prosopopeia

prosopopoeia

[proh-soh-puh-pee-uh]
noun Rhetoric.
1.
personification, as of inanimate things.
2.
a figure of speech in which an imaginary, absent, or deceased person is represented as speaking or acting.
Also, prosopopeia.


Origin:
1555–65; < Latin prosōpopoeia < Greek prosōpopoiía personification, equivalent to prósōpo(n) face, person + poi(eîn) to make + -ia -ia

prosopopoeial, adjective
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World English Dictionary
prosopopoeia or prosopopeia (ˌprɒsəpəˈpiːə)
 
n
1.  rhetoric another word for personification
2.  a figure of speech that represents an imaginary, absent, or dead person speaking or acting
 
[C16: via Latin from Greek prosōpopoiia dramatization, from prosōpon face + poiein to make]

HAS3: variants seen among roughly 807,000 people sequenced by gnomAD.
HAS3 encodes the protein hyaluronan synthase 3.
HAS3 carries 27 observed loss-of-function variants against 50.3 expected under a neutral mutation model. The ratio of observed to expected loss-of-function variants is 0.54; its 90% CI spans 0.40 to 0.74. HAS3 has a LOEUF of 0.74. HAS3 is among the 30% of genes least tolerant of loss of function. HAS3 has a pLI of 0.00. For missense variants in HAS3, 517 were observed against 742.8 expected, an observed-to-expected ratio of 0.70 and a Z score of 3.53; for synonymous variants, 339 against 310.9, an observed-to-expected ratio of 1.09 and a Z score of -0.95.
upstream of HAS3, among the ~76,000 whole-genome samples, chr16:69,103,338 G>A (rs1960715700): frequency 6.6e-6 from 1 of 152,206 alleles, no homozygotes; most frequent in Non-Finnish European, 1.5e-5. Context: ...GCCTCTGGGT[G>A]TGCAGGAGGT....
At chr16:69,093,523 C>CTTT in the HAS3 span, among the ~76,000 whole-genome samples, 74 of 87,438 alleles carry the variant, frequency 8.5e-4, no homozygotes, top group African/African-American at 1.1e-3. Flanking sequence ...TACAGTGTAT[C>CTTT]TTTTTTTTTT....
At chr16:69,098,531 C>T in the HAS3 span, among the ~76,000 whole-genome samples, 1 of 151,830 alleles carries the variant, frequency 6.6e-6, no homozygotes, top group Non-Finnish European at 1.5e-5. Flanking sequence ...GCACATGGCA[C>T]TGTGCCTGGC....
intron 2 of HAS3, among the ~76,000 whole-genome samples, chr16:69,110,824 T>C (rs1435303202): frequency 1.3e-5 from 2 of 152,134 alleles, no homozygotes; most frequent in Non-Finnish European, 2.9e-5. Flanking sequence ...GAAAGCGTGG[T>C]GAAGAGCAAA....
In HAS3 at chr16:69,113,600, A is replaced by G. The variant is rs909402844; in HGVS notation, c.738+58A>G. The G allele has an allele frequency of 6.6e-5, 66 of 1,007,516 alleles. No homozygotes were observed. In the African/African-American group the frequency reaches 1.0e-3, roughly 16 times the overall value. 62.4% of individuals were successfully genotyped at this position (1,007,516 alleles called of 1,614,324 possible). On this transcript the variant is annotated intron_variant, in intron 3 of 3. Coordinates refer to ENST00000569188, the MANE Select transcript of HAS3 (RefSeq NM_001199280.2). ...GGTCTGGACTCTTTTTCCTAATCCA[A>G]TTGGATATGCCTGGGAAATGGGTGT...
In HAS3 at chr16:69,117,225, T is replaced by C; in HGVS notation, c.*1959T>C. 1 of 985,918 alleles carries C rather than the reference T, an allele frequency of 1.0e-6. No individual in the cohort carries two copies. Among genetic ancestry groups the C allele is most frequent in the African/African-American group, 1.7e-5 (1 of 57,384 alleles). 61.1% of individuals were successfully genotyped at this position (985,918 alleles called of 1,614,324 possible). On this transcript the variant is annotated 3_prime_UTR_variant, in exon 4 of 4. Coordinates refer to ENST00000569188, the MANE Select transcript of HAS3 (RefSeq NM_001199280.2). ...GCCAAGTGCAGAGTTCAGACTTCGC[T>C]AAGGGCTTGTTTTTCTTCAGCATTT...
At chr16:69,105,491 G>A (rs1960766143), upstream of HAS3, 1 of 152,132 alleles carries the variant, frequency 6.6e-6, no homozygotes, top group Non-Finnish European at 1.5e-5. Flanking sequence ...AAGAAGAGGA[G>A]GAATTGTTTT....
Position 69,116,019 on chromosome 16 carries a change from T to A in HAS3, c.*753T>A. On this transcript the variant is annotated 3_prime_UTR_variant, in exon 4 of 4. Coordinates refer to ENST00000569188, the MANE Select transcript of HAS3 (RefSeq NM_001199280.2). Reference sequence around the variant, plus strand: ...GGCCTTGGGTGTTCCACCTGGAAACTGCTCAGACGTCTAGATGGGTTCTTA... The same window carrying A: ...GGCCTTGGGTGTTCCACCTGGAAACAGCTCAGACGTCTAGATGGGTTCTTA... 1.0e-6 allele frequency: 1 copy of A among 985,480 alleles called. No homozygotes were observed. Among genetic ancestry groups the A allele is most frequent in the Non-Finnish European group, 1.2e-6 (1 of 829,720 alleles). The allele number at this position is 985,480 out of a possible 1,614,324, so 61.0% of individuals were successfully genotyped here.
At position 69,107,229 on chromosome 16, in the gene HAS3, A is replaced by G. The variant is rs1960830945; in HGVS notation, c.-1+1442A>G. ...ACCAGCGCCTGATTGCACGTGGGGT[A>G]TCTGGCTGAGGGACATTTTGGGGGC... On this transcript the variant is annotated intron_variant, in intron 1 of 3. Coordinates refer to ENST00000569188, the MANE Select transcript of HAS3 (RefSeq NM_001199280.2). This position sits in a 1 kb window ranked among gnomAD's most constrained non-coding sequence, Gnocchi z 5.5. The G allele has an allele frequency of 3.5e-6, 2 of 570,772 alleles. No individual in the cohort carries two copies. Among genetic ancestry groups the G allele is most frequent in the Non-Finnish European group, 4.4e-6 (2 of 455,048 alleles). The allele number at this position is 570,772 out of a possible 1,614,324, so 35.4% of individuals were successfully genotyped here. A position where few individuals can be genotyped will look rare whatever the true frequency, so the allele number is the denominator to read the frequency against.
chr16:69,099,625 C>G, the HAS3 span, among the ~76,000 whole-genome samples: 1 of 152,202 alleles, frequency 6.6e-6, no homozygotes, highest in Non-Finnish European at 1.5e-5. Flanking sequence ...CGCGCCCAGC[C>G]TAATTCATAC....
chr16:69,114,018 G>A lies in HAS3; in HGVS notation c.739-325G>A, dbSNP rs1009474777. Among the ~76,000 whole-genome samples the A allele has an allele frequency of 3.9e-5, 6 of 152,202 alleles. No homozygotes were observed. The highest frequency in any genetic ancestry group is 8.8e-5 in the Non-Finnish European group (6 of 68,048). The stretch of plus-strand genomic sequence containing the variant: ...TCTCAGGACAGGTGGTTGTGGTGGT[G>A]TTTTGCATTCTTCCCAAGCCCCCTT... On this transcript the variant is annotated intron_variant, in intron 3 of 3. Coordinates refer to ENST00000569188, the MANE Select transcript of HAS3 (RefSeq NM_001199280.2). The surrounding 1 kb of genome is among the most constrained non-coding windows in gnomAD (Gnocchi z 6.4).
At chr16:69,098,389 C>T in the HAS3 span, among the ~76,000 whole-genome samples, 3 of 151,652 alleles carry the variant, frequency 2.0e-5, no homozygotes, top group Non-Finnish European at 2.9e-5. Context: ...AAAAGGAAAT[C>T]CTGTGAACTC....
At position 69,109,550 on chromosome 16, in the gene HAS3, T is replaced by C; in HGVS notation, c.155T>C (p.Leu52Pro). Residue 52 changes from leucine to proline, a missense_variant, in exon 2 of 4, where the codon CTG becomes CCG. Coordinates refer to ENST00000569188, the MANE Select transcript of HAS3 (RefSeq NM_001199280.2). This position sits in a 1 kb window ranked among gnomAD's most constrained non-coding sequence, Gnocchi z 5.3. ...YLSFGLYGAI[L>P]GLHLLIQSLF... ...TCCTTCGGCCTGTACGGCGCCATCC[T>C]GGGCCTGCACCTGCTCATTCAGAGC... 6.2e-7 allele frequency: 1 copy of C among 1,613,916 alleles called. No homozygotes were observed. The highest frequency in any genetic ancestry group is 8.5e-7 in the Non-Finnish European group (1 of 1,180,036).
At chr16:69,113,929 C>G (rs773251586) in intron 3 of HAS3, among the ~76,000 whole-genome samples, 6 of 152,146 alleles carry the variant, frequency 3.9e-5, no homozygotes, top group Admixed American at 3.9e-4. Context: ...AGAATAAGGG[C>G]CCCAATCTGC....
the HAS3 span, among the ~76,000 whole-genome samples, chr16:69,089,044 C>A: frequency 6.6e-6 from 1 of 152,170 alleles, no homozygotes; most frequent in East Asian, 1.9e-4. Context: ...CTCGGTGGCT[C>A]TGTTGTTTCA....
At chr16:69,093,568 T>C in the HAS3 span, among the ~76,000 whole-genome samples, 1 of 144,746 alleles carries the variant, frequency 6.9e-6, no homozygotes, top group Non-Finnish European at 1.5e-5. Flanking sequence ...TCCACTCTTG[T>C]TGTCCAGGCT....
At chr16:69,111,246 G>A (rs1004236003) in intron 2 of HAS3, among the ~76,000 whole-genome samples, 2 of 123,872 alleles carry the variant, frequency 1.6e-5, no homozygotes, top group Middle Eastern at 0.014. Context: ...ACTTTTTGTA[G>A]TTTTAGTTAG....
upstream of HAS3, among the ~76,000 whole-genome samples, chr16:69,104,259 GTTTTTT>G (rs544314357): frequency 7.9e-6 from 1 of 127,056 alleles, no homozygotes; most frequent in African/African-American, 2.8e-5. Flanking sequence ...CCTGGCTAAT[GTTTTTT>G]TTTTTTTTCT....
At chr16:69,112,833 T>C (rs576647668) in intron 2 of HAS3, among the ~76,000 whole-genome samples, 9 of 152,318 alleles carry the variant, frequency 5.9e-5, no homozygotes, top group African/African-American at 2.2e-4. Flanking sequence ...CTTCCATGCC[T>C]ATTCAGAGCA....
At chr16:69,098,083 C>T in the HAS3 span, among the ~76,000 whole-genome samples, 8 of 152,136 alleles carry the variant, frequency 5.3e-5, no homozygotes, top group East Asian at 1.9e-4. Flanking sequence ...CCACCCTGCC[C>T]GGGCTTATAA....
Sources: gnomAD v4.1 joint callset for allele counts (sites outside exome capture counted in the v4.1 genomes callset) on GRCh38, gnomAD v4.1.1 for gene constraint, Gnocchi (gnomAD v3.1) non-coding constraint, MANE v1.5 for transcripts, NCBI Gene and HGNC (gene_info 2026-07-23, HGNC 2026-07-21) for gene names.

prosopopeia or prosopopeia
 
n
 
[C16: via Latin from Greek prosōpopoiia dramatization, from prosōpon face + poiein to make]
 
prosopo'poeial or prosopopeia
 
adj
 
prosopo'peial or prosopopeia
 
adj

Collins English Dictionary - Complete & Unabridged 10th Edition
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Word Origin & History

prosopopeia
1561, from Gk. prosopopoiia "the putting of speeches into the mouths of others," from prosopon "person, face" (lit. "that which is toward the eyes," from pros "to" + ops "eye, face") + poiein "make" (see poet). A rhetorical figure in which an imaginary or absent person is made to speak or act.
Online Etymology Dictionary, © 2010 Douglas Harper
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